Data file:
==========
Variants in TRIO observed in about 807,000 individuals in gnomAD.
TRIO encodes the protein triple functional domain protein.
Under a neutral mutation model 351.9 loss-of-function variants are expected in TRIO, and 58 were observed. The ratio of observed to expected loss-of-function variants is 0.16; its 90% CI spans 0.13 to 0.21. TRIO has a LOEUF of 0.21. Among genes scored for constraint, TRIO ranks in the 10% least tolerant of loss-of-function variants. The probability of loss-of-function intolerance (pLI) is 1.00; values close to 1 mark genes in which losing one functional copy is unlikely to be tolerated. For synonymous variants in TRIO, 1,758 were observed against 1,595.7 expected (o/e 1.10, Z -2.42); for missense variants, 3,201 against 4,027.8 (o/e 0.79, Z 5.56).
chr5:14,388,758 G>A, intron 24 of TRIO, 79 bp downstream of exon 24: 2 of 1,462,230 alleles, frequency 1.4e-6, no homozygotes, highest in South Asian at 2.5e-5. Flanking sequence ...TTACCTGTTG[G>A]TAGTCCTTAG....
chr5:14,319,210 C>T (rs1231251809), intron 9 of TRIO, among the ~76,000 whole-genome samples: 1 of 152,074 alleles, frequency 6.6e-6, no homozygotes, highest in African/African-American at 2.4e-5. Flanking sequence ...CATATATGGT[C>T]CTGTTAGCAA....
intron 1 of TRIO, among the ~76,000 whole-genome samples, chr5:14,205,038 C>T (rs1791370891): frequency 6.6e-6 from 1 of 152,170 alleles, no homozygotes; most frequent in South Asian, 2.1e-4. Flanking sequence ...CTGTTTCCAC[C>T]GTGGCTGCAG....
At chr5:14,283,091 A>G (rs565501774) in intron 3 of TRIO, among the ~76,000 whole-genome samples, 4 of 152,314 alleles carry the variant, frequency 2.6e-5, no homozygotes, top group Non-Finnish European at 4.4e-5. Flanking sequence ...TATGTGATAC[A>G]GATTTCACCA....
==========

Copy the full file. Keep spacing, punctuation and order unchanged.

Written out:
Variants in TRIO observed in about 807,000 individuals in gnomAD.
TRIO encodes the protein triple functional domain protein.
Under a neutral mutation model 351.9 loss-of-function variants are expected in TRIO, and 58 were observed. The ratio of observed to expected loss-of-function variants is 0.16; its 90% CI spans 0.13 to 0.21. TRIO has a LOEUF of 0.21. Among genes scored for constraint, TRIO ranks in the 10% least tolerant of loss-of-function variants. The probability of loss-of-function intolerance (pLI) is 1.00; values close to 1 mark genes in which losing one functional copy is unlikely to be tolerated. For synonymous variants in TRIO, 1,758 were observed against 1,595.7 expected (o/e 1.10, Z -2.42); for missense variants, 3,201 against 4,027.8 (o/e 0.79, Z 5.56).
chr5:14,388,758 G>A, intron 24 of TRIO, 79 bp downstream of exon 24: 2 of 1,462,230 alleles, frequency 1.4e-6, no homozygotes, highest in South Asian at 2.5e-5. Flanking sequence ...TTACCTGTTG[G>A]TAGTCCTTAG....
chr5:14,319,210 C>T (rs1231251809), intron 9 of TRIO, among the ~76,000 whole-genome samples: 1 of 152,074 alleles, frequency 6.6e-6, no homozygotes, highest in African/African-American at 2.4e-5. Flanking sequence ...CATATATGGT[C>T]CTGTTAGCAA....
intron 1 of TRIO, among the ~76,000 whole-genome samples, chr5:14,205,038 C>T (rs1791370891): frequency 6.6e-6 from 1 of 152,170 alleles, no homozygotes; most frequent in South Asian, 2.1e-4. Flanking sequence ...CTGTTTCCAC[C>T]GTGGCTGCAG....
At chr5:14,283,091 A>G (rs565501774) in intron 3 of TRIO, among the ~76,000 whole-genome samples, 4 of 152,314 alleles carry the variant, frequency 2.6e-5, no homozygotes, top group Non-Finnish European at 4.4e-5. Flanking sequence ...TATGTGATAC[A>G]GATTTCACCA....